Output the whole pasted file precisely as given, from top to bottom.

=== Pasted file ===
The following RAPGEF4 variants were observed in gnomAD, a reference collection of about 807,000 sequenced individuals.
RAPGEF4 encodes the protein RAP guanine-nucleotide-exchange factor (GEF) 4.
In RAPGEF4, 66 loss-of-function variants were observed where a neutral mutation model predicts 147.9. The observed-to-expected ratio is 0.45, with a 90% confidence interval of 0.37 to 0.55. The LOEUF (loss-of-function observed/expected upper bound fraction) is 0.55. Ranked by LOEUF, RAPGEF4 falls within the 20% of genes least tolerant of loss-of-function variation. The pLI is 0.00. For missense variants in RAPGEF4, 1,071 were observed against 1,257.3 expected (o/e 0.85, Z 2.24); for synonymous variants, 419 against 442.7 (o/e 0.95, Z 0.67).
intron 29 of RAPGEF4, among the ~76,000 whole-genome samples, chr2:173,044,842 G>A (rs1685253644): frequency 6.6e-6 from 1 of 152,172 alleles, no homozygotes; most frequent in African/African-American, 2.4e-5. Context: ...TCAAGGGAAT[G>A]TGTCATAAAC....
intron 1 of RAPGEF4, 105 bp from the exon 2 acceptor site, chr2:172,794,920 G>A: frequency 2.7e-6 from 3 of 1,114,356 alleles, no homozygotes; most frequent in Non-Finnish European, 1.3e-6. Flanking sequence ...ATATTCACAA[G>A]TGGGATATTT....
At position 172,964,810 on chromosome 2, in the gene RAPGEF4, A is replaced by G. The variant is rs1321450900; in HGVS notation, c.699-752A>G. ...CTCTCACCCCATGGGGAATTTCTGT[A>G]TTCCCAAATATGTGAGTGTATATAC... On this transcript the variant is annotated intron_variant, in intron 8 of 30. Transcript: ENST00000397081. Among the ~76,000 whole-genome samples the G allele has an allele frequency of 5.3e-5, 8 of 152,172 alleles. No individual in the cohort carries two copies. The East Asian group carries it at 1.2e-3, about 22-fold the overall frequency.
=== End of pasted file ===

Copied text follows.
The following RAPGEF4 variants were observed in gnomAD, a reference collection of about 807,000 sequenced individuals.
RAPGEF4 encodes the protein RAP guanine-nucleotide-exchange factor (GEF) 4.
In RAPGEF4, 66 loss-of-function variants were observed where a neutral mutation model predicts 147.9. The observed-to-expected ratio is 0.45, with a 90% confidence interval of 0.37 to 0.55. The LOEUF (loss-of-function observed/expected upper bound fraction) is 0.55. Ranked by LOEUF, RAPGEF4 falls within the 20% of genes least tolerant of loss-of-function variation. The pLI is 0.00. For missense variants in RAPGEF4, 1,071 were observed against 1,257.3 expected (o/e 0.85, Z 2.24); for synonymous variants, 419 against 442.7 (o/e 0.95, Z 0.67).
intron 29 of RAPGEF4, among the ~76,000 whole-genome samples, chr2:173,044,842 G>A (rs1685253644): frequency 6.6e-6 from 1 of 152,172 alleles, no homozygotes; most frequent in African/African-American, 2.4e-5. Context: ...TCAAGGGAAT[G>A]TGTCATAAAC....
intron 1 of RAPGEF4, 105 bp from the exon 2 acceptor site, chr2:172,794,920 G>A: frequency 2.7e-6 from 3 of 1,114,356 alleles, no homozygotes; most frequent in Non-Finnish European, 1.3e-6. Flanking sequence ...ATATTCACAA[G>A]TGGGATATTT....
At position 172,964,810 on chromosome 2, in the gene RAPGEF4, A is replaced by G. The variant is rs1321450900; in HGVS notation, c.699-752A>G. ...CTCTCACCCCATGGGGAATTTCTGT[A>G]TTCCCAAATATGTGAGTGTATATAC... On this transcript the variant is annotated intron_variant, in intron 8 of 30. Transcript: ENST00000397081. Among the ~76,000 whole-genome samples the G allele has an allele frequency of 5.3e-5, 8 of 152,172 alleles. No individual in the cohort carries two copies. The East Asian group carries it at 1.2e-3, about 22-fold the overall frequency.